DUCK SOUP (1933)

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“Movies gave them a mass audience, and they were the instrument that translated what was once essentially a Jewish style of humor into the dominant note of American comedy. Although they were not taken as seriously, they were as surrealist as Dali, as shocking as Stravinsky, as verbally outrageous as Gertrude Stein, as alienated as Kafka. Because they worked the genres of slapstick and screwball, they did not get the same kind of attention, but their effect on the popular mind was probably more influential.”–Roger Ebert on the Marx Brothers

The Marx Brothers were, understandably, the darlings of the surrealists; and that should be a red flag to contemporary audience members belonging to the religious cult of Hyperrealism.

I say that up front because I have watched this film in the company of such alien types as the Hyperrealists. Their melodramatic, aggressive reactions were the same as I saw in a showing of the films of  Busby Berkeley (be forewarned: a series on Berkeley is coming). Naturally, I saw it as my aesthetic duty to cut those sophistic assailants down to size.

The Marx Brothers, perhaps, are the quintessential comedy team with an edge. exhibits a comparable level of surrealism, but as a predominantly solo act, he’s a mono whisper compared to the quadrophonic Brothers. 1930s audiences showed themselves to be a somewhat more imaginative lot (not by much) than us in that they not only accepted the Brothers level of unhinged zaniness, but they even made stars out of them.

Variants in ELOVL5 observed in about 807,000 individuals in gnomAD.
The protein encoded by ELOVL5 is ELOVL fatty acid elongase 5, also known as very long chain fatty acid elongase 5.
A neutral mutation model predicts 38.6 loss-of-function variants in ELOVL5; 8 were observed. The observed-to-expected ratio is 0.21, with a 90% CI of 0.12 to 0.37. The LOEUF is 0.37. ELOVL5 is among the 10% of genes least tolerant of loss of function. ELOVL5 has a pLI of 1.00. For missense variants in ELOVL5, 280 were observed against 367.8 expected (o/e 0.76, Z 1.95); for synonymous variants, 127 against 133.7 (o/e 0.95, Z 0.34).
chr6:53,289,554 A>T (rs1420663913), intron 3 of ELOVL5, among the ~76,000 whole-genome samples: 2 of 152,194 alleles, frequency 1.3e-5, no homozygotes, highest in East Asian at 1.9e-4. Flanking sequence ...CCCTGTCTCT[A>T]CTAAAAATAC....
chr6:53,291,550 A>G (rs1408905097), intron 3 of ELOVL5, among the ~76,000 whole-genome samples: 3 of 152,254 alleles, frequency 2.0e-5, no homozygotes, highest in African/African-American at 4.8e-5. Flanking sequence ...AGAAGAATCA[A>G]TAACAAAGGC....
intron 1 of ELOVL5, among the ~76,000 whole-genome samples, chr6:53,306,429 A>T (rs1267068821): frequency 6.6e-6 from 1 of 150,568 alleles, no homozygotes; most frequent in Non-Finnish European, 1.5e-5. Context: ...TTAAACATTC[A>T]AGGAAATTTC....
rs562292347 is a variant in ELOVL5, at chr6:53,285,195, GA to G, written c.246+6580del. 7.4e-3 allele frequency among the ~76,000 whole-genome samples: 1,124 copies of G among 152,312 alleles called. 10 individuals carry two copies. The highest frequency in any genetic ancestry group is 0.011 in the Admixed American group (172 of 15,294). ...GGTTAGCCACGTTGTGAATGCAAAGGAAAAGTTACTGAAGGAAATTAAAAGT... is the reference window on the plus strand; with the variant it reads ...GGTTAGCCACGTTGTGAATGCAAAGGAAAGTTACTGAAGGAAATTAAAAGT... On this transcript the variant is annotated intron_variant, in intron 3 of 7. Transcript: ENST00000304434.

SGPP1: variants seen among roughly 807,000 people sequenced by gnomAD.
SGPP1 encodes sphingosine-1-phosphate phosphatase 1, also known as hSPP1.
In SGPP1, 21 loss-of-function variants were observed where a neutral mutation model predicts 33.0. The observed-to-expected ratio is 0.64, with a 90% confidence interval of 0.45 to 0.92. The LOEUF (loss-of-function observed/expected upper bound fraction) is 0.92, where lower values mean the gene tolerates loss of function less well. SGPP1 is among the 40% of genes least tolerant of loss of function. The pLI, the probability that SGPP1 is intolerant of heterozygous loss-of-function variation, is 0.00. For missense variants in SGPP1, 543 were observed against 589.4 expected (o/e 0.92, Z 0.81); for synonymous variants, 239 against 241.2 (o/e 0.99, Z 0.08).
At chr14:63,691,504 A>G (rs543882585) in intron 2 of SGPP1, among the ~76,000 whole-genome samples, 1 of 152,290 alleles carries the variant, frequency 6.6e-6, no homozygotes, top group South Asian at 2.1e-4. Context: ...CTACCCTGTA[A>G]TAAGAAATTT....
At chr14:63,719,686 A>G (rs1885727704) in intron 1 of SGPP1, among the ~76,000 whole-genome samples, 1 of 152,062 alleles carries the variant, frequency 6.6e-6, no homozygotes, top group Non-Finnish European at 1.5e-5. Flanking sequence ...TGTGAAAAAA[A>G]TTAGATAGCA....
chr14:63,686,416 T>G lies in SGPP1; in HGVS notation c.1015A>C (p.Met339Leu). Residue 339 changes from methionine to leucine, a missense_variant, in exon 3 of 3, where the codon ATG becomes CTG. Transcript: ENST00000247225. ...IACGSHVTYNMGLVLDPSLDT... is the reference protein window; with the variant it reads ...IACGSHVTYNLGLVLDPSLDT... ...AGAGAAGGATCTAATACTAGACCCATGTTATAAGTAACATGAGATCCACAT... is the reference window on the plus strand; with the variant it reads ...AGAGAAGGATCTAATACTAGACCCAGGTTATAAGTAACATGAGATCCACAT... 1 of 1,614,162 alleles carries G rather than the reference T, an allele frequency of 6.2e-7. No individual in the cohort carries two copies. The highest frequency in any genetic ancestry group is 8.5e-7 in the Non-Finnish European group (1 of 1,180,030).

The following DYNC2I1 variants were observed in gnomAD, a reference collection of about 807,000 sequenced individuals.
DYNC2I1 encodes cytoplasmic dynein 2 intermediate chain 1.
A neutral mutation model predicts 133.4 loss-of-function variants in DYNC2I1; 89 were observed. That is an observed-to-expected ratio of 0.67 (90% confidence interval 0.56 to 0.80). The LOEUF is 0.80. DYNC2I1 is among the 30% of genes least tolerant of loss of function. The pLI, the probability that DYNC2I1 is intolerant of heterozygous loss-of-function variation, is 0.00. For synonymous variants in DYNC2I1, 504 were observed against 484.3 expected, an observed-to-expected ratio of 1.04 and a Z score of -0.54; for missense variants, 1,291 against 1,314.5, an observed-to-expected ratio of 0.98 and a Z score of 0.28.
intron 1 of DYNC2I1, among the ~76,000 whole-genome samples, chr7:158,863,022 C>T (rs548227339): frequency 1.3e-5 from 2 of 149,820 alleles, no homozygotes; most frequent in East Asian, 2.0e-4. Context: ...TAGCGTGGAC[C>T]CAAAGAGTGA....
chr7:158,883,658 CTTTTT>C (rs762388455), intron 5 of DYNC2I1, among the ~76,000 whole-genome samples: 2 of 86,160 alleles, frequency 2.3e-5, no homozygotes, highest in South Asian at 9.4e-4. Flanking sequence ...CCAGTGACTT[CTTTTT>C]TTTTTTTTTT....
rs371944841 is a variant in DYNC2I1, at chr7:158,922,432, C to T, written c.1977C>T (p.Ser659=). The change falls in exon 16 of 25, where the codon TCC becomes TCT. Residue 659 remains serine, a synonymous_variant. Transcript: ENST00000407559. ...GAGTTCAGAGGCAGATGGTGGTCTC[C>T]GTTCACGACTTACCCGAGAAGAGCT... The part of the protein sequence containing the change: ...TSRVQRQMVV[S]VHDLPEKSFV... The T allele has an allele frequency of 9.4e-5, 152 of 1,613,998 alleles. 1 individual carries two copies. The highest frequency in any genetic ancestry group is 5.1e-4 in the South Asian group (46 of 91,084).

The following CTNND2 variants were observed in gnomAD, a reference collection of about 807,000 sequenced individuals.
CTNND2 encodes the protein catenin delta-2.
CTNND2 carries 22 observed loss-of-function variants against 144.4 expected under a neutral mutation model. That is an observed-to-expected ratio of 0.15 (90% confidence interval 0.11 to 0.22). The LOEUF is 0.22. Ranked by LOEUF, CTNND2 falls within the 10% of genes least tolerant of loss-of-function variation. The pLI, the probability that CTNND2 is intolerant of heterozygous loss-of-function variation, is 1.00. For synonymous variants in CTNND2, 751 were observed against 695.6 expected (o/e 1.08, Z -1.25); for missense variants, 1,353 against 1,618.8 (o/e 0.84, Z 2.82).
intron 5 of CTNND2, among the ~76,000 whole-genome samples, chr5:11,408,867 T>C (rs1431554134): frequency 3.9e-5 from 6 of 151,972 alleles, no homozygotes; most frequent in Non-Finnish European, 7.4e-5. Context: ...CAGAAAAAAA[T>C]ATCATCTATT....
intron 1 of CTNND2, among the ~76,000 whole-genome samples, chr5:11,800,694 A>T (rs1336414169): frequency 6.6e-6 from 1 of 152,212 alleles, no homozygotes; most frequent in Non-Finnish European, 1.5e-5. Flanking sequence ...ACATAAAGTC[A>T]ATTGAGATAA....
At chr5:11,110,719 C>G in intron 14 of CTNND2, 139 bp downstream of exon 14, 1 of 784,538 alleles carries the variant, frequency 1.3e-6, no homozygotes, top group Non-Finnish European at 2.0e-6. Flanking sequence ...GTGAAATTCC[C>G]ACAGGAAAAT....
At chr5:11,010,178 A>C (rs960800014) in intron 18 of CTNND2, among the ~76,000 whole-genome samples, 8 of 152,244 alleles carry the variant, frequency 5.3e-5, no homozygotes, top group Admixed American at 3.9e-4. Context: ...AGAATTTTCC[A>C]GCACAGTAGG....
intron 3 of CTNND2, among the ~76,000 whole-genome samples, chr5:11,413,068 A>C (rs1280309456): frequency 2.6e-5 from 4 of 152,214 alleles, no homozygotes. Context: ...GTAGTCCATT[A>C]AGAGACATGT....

Still from Duck Soup (1933)Note that “but not by much,” because Duck Soup (1933) was the Marx Brothers most revolutionary film, a surrealist-politico masterpiece, and it totally bombed at the box office. This resulted in the Brothers being released from their Paramount contract.  MGM and Irving Thalberg were quick to snap them up, but Thalberg, a self-confessed fan, knew he had to polish their act in order to increase their accessibility.

The MGM films that followed Soup retained a certain level of  zaniness, but it was noticeably diminished.  The new producers added musical numbers aplenty (the songs in Duck Soup are minimal and non-intrusive—and although I love musicals, saturating a Marx Brothers film with dance numbers is a really bad idea), and sacked the bland Zeppo (the sole good move). The best of the Thalberg lot was probably Night At The Opera (1935) directed by Sam Wood, a fleetingly competent commission director. Wood lacked the consummate craftsmanship and idiosyncratic comedic intuition of Duck Soup director Leo McCary. McCary had cut his teeth with some eccentric peers. He started as an assistant to  and had worked, as a writer, with Chaplin, Stan Laurel, and W.C. Fields.  With Wood and Thalberg reigning the Marx Brothers in, a slow descent into the pedestrian was inevitable.

Still, we have Duck Soup, which has rightly been lauded (by those who know better) as the great anti-war masterpiece (along with 1964’s Dr. Strangelove). (Although, if I remember correctly, the late critic Leslie Halliwell preferred Fail Safe to ,’s film, a judgment I’ve never fully understood).

The irreverence displayed in Duck Soup should delight any weird movie lover. Nothing is sacred. Much to FDR’s dismay, patriotism was lampooned, as was religion: “We got guns! They got guns! All God’s children got guns!” Hallelujah! Bourgeoisie society is likened to fascism, and the boys libidos are raging.